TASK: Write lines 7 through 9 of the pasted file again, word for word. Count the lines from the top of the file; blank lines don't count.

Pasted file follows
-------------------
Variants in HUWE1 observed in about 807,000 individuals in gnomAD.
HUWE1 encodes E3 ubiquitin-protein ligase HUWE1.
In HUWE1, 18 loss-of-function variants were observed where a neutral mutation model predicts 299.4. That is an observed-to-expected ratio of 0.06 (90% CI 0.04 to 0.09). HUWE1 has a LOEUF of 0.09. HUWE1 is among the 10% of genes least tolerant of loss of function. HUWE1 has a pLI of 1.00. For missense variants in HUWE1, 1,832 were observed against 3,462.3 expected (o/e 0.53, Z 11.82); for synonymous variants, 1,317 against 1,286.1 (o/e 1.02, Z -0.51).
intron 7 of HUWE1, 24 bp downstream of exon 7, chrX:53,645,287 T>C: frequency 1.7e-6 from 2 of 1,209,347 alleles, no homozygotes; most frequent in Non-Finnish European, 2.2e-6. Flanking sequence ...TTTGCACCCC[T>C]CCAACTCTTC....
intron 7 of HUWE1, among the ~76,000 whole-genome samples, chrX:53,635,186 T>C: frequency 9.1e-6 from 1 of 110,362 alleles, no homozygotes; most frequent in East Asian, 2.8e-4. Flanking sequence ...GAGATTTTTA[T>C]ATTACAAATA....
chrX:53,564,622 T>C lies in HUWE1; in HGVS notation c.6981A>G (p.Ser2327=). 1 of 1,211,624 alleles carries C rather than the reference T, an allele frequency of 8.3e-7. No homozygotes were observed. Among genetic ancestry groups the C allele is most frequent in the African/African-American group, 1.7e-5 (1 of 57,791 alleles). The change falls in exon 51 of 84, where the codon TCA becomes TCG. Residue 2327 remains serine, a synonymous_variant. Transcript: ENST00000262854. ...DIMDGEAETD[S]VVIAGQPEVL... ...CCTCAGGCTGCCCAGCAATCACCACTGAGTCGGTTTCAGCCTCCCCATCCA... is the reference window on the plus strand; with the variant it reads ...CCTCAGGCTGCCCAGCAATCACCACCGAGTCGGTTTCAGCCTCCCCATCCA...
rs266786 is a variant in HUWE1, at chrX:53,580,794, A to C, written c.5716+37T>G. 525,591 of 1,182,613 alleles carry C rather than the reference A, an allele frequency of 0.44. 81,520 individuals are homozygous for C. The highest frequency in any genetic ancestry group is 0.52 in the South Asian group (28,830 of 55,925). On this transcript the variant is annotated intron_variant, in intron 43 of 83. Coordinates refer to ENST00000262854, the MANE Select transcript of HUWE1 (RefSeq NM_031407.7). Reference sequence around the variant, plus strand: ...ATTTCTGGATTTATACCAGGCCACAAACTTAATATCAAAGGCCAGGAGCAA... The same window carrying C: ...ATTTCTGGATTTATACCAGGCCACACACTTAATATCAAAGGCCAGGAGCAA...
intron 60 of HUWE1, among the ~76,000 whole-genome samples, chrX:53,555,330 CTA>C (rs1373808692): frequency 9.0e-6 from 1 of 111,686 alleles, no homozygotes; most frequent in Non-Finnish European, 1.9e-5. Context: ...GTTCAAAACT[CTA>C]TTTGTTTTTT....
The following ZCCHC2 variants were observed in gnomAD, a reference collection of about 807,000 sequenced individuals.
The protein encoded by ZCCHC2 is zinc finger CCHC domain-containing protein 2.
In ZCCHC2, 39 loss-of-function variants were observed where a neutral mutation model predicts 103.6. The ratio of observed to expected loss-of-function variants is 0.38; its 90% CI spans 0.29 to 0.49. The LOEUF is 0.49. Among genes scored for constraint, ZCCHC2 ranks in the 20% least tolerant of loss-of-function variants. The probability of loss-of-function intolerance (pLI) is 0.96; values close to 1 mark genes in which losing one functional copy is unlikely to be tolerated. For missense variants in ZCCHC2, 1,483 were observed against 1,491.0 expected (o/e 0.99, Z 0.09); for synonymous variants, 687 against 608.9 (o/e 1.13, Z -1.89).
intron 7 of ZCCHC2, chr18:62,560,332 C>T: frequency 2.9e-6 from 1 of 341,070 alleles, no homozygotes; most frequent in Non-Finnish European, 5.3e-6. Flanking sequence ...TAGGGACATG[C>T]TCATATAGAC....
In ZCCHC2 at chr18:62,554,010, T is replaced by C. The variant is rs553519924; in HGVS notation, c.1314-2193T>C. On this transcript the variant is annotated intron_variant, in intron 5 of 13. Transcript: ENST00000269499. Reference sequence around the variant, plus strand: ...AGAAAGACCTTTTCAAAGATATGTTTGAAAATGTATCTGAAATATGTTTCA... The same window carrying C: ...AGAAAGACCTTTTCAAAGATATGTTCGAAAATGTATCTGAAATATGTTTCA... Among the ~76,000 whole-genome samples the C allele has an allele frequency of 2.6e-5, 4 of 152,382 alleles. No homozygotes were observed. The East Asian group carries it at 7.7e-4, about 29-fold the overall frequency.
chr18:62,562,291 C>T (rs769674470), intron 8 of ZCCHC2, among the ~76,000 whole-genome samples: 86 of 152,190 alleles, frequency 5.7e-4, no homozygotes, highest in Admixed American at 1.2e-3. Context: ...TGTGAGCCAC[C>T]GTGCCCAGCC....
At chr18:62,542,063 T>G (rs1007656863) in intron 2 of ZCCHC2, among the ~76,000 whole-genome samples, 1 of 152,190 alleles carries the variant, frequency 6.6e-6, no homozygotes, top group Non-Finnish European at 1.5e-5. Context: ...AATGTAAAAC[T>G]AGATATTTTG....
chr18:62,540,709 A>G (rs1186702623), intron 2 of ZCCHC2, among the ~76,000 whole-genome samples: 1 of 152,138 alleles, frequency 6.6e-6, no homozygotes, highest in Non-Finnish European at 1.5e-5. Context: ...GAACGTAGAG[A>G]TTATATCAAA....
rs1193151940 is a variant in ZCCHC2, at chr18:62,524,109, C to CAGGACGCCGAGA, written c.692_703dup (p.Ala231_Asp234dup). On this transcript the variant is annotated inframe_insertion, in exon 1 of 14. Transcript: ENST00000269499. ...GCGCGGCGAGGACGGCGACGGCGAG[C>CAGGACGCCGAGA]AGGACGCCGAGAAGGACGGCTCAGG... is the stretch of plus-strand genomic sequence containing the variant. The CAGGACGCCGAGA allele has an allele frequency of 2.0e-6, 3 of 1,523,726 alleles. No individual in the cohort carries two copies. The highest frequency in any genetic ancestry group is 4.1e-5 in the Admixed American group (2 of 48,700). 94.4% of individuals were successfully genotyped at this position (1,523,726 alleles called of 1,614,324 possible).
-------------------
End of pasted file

rs266786 is a variant in HUWE1, at chrX:53,580,794, A to C, written c.5716+37T>G. 525,591 of 1,182,613 alleles carry C rather than the reference A, an allele frequency of 0.44. 81,520 individuals are homozygous for C. The highest frequency in any genetic ancestry group is 0.52 in the South Asian group (28,830 of 55,925). On this transcript the variant is annotated intron_variant, in intron 43 of 83. Coordinates refer to ENST00000262854, the MANE Select transcript of HUWE1 (RefSeq NM_031407.7). Reference sequence around the variant, plus strand: ...ATTTCTGGATTTATACCAGGCCACAAACTTAATATCAAAGGCCAGGAGCAA... The same window carrying C: ...ATTTCTGGATTTATACCAGGCCACACACTTAATATCAAAGGCCAGGAGCAA...
intron 60 of HUWE1, among the ~76,000 whole-genome samples, chrX:53,555,330 CTA>C (rs1373808692): frequency 9.0e-6 from 1 of 111,686 alleles, no homozygotes; most frequent in Non-Finnish European, 1.9e-5. Context: ...GTTCAAAACT[CTA>C]TTTGTTTTTT....
The following ZCCHC2 variants were observed in gnomAD, a reference collection of about 807,000 sequenced individuals.